It’s been almost eight weeks since the wildfires devastated Lahaina. Within a few days of the fire, I went to West Maui, visiting the community, friends and people I’ve known and worked with for years. Lahaina was once the capital of the Kingdom of Hawaii. It was a lush wetland, a destination that everyone wanted to go and visit. But thanks to a long history of plantation owners and corporations diverting water and streams away from their natural course to benefit their business interests, it’s now a community that is dry, arid, struggling with drought and brush fires every year.
People around the world have seen the devastation, but the images don’t do it justice. In person, it’s almost as though a nuclear bomb went off and destroyed everything within that town. The stories of people just going about their everyday lives until being devastated by a blowtorch-like wildfire are terrifying. Those who were able to escape, and those who live in the surrounding communities, have been dealing with extreme hardship. People without homes have nowhere to go, and those who escaped destruction have faced power outages, lack of water, fuel shortages and difficulty getting necessities like food, water and medicine. Sadly, the disaster response failed in a number of ways.
The emergency alert sirens should have sounded. Communications and updates from officials were insufficient. Once the fire was under a manageable level
of control, emergency response officials should have immediately gone out to the surrounding communities to check on those who were in dire need. That didn’t happen until days after the fire destroyed Lahaina.
When I went to West Maui four days after the fire, many people told me, “You’re the first person who has anything to do with the government who has shown up.” It was maddening. No one had gone there to see for themselves what was happening, and to ask, what do you need? People were cut off from being able to communicate — they didn’t have cell signal or internet access, no fuel, no power, no access to clean water. They felt as though no one cared about them. They had been forgotten. Worse yet, there was a period where no media were allowed into West Maui. Residents there wondered, what is the government trying to hide? Why don’t they want people to hear our voices?
Local and state officials need to answer why federal military resources were not immediately tapped to provide humanitarian assistance and disaster relief. Hawaii is the home of major Army, Navy, Marine Corps and Air Force bases. When there’s a monsoon in the Philippines or a tsunami in Thailand or a major hurricane in Guam, trained and experienced military teams deploy from Hawaii, bringing water filtration systems, generators, food, medical supplies, even temporary housing for evacuees. The military was standing by, prepared to deploy these resources for the people of Maui. The problem was they couldn’t do anything until the governor or FEMA directed them to respond. Why this did not happen immediately is inconceivable. The people of Hawaii deserve the answer to that question. Unfortunately, the lack of transparency and communication has created a level of distrust that is far worse than anything I’ve seen in Hawaii before. It creates a perception that the government has something to hide. They should have been holding daily press conferences, answering every question even when the answer wasn’t necessarily good news. They should have held town halls in all the affected areas, with representatives from every agency and non-profit on the ground present, to provide resources on the spot. Go to the people, walk house to house, provide information, listen and address the need.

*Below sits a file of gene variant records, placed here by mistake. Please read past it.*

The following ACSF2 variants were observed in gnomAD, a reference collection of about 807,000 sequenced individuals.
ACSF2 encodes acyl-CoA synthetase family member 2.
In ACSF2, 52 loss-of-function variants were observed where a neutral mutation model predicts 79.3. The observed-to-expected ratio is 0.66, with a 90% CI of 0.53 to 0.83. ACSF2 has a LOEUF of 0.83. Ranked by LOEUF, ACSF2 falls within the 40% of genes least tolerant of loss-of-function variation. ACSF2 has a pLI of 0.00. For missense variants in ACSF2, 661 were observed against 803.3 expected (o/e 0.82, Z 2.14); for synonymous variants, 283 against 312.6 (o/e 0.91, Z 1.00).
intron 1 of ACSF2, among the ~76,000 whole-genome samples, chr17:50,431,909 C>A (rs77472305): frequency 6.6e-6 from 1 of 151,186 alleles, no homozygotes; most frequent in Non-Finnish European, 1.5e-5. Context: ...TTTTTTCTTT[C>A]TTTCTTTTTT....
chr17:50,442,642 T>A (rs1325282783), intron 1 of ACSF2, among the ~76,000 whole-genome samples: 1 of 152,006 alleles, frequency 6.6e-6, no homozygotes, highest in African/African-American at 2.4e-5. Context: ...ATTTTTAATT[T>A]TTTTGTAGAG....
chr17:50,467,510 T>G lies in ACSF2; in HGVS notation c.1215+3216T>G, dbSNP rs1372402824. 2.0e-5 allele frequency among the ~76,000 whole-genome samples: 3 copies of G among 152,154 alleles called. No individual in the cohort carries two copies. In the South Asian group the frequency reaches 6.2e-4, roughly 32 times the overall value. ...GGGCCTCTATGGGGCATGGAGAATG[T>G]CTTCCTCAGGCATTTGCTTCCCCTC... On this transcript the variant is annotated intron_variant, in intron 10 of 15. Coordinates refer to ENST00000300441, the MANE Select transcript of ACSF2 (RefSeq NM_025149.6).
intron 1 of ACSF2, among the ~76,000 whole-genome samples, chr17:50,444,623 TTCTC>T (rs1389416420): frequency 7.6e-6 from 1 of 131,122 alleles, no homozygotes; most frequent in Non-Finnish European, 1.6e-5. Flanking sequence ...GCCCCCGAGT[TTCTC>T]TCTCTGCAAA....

While the trauma and hardship caused by this wildfire will continue on for a long time, it’s been inspiring to witness the strength of local people on Maui, the aloha and commitment they have to care for each other and their resilience to deal not only with the crisis of the present, but to look ahead to how they want to restore and rebuild their community. Even in the face of the worst wildfire in our country in over 100 years, their spirits are not broken. Even when they lost everything, they gave all they could to help each other. Their aloha and their hearts are the reasons why there is hope for our future.
I’ve been traveling quite a bit lately, and it has been beautiful to see how wherever I go, total strangers stop me and ask, “How are the people on Maui doing?” It’s been heartwarming to see — even in this age of headlines moving quickly and short attention spans — so many people across America and around the world are still thinking about and praying for our friends and family, our fellow Americans, on Maui. The road ahead will be long and difficult. My hope is that the prayers and support will continue. The other day, a woman stopped me as I was getting off a plane, and just said, “Thank you for being a voice for the people of Maui. Please continue to be there for them for the long run.” I promised her that I would be. This is my home. These are my people.
This article was originally published in The Spectator’s November 2023 World edition.